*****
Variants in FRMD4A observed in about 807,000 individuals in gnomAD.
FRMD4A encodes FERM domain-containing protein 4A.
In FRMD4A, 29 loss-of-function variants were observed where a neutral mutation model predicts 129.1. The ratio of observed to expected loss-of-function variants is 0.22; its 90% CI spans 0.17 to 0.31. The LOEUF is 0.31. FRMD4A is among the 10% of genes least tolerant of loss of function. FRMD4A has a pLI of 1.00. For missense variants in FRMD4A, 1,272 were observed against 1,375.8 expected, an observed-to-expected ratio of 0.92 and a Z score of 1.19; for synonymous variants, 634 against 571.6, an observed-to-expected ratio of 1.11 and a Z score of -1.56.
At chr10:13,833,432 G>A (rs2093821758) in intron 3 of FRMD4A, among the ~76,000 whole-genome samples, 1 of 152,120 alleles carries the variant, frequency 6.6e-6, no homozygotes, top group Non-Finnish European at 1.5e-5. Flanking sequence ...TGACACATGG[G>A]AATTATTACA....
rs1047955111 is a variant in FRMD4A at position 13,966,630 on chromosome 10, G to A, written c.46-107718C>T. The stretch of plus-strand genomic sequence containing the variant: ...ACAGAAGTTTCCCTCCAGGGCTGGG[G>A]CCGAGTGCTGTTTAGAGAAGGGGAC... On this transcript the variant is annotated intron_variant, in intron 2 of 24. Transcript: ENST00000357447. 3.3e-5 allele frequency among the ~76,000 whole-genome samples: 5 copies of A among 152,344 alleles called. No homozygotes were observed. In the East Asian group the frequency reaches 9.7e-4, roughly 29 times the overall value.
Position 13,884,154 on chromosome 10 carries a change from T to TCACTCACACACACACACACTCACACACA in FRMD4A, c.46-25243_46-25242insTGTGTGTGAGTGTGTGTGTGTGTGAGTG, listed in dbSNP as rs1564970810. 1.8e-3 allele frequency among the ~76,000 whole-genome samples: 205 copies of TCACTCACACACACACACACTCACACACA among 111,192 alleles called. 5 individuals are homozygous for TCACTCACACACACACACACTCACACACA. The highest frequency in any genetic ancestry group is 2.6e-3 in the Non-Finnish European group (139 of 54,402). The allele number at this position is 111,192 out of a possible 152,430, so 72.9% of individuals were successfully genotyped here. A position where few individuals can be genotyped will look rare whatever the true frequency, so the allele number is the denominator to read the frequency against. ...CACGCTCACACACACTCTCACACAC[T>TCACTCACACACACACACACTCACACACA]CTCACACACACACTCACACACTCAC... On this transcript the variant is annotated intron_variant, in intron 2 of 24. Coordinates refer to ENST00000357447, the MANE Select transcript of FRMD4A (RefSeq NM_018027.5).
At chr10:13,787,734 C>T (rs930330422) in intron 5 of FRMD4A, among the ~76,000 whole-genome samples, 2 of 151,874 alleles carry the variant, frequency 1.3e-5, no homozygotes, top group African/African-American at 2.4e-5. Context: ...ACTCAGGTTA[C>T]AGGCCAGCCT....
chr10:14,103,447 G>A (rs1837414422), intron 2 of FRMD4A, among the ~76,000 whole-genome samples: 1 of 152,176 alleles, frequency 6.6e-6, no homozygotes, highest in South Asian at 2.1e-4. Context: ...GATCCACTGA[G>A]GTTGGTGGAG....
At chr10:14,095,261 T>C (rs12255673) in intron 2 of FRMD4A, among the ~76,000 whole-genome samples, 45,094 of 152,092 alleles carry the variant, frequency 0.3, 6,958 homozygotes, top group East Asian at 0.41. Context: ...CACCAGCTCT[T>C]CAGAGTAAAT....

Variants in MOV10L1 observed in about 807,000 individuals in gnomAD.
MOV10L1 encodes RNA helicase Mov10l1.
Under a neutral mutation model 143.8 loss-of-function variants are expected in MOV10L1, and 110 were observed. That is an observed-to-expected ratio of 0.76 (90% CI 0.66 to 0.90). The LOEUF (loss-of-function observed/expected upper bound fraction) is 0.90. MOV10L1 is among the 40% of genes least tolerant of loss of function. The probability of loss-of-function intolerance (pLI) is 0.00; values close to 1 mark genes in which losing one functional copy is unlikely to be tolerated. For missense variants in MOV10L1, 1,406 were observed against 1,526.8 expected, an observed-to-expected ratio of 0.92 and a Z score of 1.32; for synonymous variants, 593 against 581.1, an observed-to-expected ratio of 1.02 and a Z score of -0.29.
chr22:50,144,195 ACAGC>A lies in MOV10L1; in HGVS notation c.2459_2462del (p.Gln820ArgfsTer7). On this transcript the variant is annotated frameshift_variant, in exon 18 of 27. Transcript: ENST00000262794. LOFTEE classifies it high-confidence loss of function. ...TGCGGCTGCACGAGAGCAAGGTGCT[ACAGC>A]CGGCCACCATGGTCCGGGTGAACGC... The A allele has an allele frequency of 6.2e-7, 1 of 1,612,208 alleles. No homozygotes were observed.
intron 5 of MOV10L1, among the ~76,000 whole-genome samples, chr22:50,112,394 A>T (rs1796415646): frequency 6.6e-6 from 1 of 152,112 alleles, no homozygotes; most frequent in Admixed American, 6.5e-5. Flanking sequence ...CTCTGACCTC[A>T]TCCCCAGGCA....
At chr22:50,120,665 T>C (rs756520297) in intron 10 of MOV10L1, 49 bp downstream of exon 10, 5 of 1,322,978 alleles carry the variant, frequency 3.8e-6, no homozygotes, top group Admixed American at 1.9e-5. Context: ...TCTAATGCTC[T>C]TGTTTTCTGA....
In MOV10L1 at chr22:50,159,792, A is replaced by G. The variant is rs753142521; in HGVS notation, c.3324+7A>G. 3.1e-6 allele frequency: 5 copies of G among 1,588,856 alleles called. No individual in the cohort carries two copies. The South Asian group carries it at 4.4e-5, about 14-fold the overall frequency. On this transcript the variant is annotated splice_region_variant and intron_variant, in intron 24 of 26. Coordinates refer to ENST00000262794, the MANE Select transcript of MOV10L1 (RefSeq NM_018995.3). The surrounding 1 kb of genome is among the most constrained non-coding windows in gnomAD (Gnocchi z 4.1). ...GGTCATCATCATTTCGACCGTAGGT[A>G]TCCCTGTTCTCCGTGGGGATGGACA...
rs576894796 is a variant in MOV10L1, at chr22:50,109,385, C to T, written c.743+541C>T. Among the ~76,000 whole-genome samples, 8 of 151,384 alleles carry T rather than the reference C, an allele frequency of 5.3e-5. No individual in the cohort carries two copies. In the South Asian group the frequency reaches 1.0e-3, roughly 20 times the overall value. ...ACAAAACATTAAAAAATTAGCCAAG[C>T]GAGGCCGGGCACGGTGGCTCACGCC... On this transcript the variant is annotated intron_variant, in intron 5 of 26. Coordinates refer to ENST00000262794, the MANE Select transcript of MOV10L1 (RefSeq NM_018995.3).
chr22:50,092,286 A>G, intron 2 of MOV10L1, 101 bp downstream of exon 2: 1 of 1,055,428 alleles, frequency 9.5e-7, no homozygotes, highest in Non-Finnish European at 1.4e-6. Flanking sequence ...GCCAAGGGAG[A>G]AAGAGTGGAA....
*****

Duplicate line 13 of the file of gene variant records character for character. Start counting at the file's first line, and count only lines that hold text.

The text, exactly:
chr22:50,144,195 ACAGC>A lies in MOV10L1; in HGVS notation c.2459_2462del (p.Gln820ArgfsTer7). On this transcript the variant is annotated frameshift_variant, in exon 18 of 27. Transcript: ENST00000262794. LOFTEE classifies it high-confidence loss of function. ...TGCGGCTGCACGAGAGCAAGGTGCT[ACAGC>A]CGGCCACCATGGTCCGGGTGAACGC... The A allele has an allele frequency of 6.2e-7, 1 of 1,612,208 alleles. No homozygotes were observed.